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Biden ‘convinced’ Putin will invade Ukraine in starkest warning yet


Joe Biden said he was convinced Russian president Vladimir Putin had made a decision to invade Ukraine, issuing his starkest warning yet amid mounting signs Moscow was creating a pretext for military action.

Speaking at the White House after a call with transatlantic leaders over what the US president described as a “rapidly escalating crisis”, he accused Moscow of creating a pretext for an assault on its neighbour that he said could begin in the “in the coming week, in the coming days”.

Asked by a reporter if he believed Putin had already decided to launch an attack, Biden responded: “As of this moment, I’m convinced he’s made the decision. We have reason to believe that.” It was the first time the US has said it thinks the Russian president has made his mind up.

“We believe that they will target Ukraine’s capital Kyiv, a city of 2.8m innocent people,” Biden added.

Even so, he said it was not “too late” for Putin to “de-escalate and return to the negotiating table”.

Biden cited plans by Antony Blinken, the US secretary of state, and Sergei Lavrov, the Russian foreign minister, to meet on February 24 in Europe as a possible opportunity for further talks, but warned if Moscow took military action before then it will have “slammed the door shut on diplomacy”.

He added that if Putin chose war, he would “pay a steep price for doing so, not only from the sanctions that we and our allies will impose on Russia, but the moral outrage the rest of the world will visit upon them”.

After Biden’s remarks, a White House official said his statement about Putin’s decision reflected “the assessments of the intelligence community”.

Biden’s comments followed a day during which western fears of an impending Russian attack on Ukraine grew sharply as tensions rose in the eastern region of the country that is partially controlled by pro-Russian separatists.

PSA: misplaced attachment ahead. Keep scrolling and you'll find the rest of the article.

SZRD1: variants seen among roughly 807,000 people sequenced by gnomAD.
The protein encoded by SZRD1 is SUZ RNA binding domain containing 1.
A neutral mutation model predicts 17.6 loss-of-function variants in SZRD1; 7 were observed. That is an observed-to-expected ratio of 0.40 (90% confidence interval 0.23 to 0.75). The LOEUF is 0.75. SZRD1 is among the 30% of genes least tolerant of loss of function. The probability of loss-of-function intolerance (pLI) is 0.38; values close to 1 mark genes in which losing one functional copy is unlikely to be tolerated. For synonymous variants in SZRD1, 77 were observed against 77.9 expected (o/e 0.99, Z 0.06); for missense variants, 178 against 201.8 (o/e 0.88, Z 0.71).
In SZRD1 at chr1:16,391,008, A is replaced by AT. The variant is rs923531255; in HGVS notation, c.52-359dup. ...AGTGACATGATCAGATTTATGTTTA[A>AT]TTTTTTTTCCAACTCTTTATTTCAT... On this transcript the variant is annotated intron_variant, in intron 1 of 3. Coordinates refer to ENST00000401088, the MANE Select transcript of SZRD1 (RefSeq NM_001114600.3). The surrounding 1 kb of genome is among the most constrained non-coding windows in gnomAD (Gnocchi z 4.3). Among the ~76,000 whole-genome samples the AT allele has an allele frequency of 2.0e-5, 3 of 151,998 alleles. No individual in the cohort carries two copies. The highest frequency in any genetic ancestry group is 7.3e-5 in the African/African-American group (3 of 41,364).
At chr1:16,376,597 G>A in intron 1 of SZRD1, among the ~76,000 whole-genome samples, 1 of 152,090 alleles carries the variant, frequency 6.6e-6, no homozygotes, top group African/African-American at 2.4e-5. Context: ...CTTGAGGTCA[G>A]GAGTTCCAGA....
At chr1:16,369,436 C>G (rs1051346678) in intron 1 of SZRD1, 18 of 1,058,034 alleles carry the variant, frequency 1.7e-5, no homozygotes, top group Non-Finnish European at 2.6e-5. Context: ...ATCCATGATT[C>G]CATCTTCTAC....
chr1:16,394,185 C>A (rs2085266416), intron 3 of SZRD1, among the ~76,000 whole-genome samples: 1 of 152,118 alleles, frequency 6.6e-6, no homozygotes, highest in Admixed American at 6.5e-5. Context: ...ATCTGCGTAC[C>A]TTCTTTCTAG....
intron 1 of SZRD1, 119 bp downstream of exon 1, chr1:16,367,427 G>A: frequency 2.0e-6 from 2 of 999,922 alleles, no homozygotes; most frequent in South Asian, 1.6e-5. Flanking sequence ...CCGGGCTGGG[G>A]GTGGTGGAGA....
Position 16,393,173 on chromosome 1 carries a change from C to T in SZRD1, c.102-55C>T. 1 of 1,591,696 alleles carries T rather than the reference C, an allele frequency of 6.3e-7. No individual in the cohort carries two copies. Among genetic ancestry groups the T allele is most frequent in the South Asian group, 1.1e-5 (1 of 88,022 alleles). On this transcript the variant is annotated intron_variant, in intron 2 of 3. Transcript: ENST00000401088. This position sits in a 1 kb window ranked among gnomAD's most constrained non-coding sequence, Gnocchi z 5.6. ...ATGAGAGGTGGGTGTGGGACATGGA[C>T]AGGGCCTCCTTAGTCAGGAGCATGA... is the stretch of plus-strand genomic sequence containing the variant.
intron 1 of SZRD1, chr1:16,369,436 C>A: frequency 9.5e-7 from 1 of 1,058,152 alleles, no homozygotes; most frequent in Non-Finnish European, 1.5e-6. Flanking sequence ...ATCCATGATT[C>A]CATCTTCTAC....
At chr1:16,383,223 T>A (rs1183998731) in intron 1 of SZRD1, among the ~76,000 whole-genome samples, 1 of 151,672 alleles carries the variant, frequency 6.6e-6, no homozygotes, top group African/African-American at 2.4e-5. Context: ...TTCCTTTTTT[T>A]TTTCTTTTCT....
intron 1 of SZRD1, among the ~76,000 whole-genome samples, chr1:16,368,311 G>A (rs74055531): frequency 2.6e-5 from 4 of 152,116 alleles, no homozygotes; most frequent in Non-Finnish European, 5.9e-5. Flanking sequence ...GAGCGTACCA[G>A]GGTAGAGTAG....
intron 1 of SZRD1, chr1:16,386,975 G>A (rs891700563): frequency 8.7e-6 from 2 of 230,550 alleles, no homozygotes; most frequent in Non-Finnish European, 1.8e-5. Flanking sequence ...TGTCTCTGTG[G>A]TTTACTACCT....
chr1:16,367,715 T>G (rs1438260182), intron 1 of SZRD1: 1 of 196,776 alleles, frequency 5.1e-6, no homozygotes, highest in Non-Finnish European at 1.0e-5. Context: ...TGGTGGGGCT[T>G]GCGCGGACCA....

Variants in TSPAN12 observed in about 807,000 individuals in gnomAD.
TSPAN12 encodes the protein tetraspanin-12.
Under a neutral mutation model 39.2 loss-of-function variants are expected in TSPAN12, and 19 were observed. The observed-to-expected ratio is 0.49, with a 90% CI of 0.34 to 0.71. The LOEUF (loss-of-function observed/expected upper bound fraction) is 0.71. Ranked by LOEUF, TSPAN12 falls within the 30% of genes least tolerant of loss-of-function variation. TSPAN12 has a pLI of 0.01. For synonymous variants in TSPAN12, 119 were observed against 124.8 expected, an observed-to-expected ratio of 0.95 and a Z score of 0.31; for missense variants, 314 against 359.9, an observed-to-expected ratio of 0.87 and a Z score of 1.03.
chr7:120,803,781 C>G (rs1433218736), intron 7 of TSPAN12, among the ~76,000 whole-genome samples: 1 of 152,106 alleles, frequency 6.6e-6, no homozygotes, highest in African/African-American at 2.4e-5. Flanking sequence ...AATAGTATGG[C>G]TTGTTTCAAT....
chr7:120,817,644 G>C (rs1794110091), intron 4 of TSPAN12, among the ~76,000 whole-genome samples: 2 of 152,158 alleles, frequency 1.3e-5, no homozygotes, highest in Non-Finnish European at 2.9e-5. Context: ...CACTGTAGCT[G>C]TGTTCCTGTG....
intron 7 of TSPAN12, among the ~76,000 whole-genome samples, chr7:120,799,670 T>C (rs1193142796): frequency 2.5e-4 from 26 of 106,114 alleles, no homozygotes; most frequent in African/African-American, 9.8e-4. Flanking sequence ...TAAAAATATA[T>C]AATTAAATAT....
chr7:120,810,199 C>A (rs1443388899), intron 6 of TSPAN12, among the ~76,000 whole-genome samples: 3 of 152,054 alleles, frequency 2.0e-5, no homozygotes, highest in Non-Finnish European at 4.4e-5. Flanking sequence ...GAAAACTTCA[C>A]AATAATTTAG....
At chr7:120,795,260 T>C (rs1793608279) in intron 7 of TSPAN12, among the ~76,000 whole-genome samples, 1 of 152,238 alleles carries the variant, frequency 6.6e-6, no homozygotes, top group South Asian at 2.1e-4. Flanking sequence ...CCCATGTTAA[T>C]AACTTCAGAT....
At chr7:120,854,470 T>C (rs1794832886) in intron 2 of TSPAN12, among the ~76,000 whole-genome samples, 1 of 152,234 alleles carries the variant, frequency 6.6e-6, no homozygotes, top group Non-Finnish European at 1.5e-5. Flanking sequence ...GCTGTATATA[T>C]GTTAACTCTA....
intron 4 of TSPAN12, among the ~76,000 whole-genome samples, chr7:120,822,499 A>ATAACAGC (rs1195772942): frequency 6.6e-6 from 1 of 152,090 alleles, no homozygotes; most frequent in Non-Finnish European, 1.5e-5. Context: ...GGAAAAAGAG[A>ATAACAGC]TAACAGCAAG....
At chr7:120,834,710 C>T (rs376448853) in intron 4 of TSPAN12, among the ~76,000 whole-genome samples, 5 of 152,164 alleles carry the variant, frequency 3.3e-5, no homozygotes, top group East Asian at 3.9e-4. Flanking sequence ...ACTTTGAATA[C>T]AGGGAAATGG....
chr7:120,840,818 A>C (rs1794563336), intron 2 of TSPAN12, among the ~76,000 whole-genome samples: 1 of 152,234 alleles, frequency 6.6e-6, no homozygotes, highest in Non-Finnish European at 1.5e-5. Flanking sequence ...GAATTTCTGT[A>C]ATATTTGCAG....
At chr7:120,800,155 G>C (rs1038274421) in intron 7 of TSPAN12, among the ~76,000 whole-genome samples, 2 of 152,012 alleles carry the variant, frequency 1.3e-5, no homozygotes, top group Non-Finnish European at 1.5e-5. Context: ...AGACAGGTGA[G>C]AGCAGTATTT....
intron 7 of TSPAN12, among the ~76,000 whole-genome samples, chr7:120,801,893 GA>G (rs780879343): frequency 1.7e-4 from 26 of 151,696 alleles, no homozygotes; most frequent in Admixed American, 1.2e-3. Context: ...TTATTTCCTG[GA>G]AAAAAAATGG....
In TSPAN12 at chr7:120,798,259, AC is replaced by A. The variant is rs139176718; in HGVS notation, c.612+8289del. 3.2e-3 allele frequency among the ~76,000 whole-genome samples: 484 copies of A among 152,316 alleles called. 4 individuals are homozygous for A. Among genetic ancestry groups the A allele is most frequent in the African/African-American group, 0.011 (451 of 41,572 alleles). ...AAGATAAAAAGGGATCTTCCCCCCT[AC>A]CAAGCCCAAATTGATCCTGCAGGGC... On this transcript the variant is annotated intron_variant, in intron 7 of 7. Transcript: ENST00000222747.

The president pointed to an increase in ceasefire violations by Russian-backed fighters, the shelling of a kindergarten in the region that Moscow sought to falsely blame on Ukrainian forces, and “more and more disinformation” about the conflict being “pushed” to the Russian public, including “phoney allegations” of genocide carried out by Ukraine.

“All these are consistent with the playbook the Russians have used before to set up a false justification to act against Ukraine,” Biden said. “This is also aligned with pretext scenarios that United States and our allies and partners have been warning about for weeks.”

He ridiculed Russia for claiming Ukraine was preparing a “massive offensive” in the Donbas region, adding: “It defies basic logic to believe that Ukrainians would choose this moment — with well over 150,000 troops on its borders — to escalate [the] conflict.”

A few minutes before Biden started speaking, Russian news wires reported multiple explosions in Luhansk, the second big city held by separatists, and posted footage of what they said was a fire at a large pipeline.

Earlier in the day, Moscow-backed separatists ordered an evacuation of civilians to Russia, claiming Ukrainian forces were preparing to attack the region. Biden did not refer to either episode but praised Ukrainian forces for showing “restraint” and not allowing Russia to “bait” them into war.

The president spoke as several of his top officials, including Blinken and Kamala Harris, vice-president, were in Europe to attend the Munich security conference, where the Ukraine crisis was at top of the agenda as the biggest threat to the continent’s security since the end of the Cold War.

On Saturday, Boris Johnson, the UK prime minister, is also expected to attend the conference and call for western unity in response to the looming Russian aggression.

“Allies need to speak with one voice to stress to President Putin the high price he will pay for any further Russian invasion of Ukraine,” Johnson said ahead of his attendance.

Biden equally sought to reinforce that message. “There are many issues that divide our nation and our world. But standing up to Russian aggression is not one of them. The American people are united, Europe is united.”

At a White House briefing earlier on Friday afternoon, Anne Neuberger, Biden’s top adviser on cyber security, blamed Russia for cyber attacks that hit some Ukrainian banks and government operations this week.

Daleep Singh, Biden’s deputy national security adviser, warned Moscow that European countries and the US were aligned on massive economic sanctions to be imposed on Russia if it followed through with an invasion. However, cutting the country’s banks off from the Swift international payments system would not be in the “initial” tranche of measures, he added.

“Russia would face the prospect of intense capital outflows mounting pressure on its currency, surging inflation, higher borrowing costs, economic contraction, and the erosion of its productive capacity,” Singh said.



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